ACLAR: Melancholy, loneliness and shame


And… here is the abstract by my colleague Wendy and I that has been accepted for the ACLAR conference (info here:

Melancholy, loneliness and shame as constructed in Fanny Britt and Isabelle Arsenault’s graphic novel Jane, the fox & me.

(Angela Thomas and Wendy Wilson)

This paper uses feminist post-structuralist theory to explore how emotions of melancholy, loneliness, and shame are constructed in Fanny Britt and Isabelle Arsenault’s graphic novel Jane, the fox & me. Gender, subjectivity, embodiment, control and the paradox of self-production/destruction are the strands that are clearly interwoven in the everyday discourses and discursive practices in which the emotions of the protagonist Hélène are constituted.

The paper will draw upon Foucault’s theory of subjectivity (1972) to theorise how Hélène is positioned within complex social discourses related to bullying and peer relationships within the school narrative. It will show how the taunting experienced by Hélène leads to practices of self-silencing (Ussher, 2011), body regulation (McNay, 1992), and the desire for invisibility (Malson, 1998). Psychoanalytic insights into desire, fantasy and anxiety (Lacan, 1958) will also be taken up to understand how Jane, the fox & me reflects contemporary feminine investments in certain subject positions and practices, such as body shaming, body image distortion (BID) and eating disorders (Malson, 1998).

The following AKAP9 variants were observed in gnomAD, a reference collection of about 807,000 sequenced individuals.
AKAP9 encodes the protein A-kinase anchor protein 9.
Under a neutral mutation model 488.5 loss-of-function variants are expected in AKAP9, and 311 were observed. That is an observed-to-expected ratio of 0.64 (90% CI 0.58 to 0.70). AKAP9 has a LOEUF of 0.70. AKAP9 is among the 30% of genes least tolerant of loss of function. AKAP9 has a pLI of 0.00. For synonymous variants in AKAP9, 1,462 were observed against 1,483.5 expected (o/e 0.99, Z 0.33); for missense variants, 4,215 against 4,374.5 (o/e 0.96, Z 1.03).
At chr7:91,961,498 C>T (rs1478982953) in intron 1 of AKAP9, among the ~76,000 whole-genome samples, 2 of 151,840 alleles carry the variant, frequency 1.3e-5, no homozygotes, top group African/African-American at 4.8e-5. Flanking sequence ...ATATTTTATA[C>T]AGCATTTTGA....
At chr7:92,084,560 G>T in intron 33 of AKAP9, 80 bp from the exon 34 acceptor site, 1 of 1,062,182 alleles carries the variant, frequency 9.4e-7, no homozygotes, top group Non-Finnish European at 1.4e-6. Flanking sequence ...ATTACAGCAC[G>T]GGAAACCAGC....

The effect of these discursive practices as inscribed on (McNay, 1992) and resisted by (Foucault, 1979; Ussher, 1997) Hélène, as articulated through both written word and visual image, will be examined. In doing so, particular moments within the narrative which shed insight into the manifestation of melancholy, loneliness, and shame will be selected and analysed closely using critical multimodal discourse analysis (Halliday & Matthiesson 2004; Martin & White, 2008; Kress & van Leeuwen, 2006; Painter, 2008; Painter, Martin & Unsworth, 2013).


  • Foucault, M. (1972) The Archeology of Knowledge and the Discourse on Language (trans. A.Sheridan). Pantheon Books: New York.
  • Foucault, M. (1979). The history of sexuality, Vol. 1, An introduction. (1990 Edition). London: Penguin Books.
  • Halliday, M.A.K. & Matthiessen, C.M.I.M. (2004). Introduction to functional grammar 3rd ed. London: Arnold.
  • Kress, G., & van Leeuwen, T. (2006). Reading images: the grammar of visual design. 2nd ed. Routledge: London.
  • Lacan, J. (1958). The directive of the treatment and the principle of its power. Ecrits: a selection (trans. A.Sheridan, 1992 edition), pp. 226–280. Routledge: London.
  • Malson, H. (1998). The thin woman: Feminism, post-structuralism and the social psychology of Anorexia Nervosa. London: Routledge.
  • Martin, J. R., & White, P. (2005). The language of evaluation: Appraisal in English. London/New York: Palgrave Macmillan.
  • McNay, L. (1992) Foucault and Feminism: power, gender and the self. Polity Press: Oxford.
  • Painter, C. (2008). The role of colour in children’s picture books: choices in AMBIENCE. In Unsworth, L. (Ed.) New literacies and the English curriculum. London: Continuum.
  • Painter, C., Martin, J. R. & Unsworth, L. (2013). Reading visual narratives: Image analysis of children’s picture books. Sheffield: Equinox Publishing Ltd.
  • Ussher, J. M. (1997). Fantasies of femininity: Reframing the boundaries of sex. New Brunswick: Rutgers University Press.
  • Ussher, J. M. (2011). The madness of women. East Sussex: Routledge.

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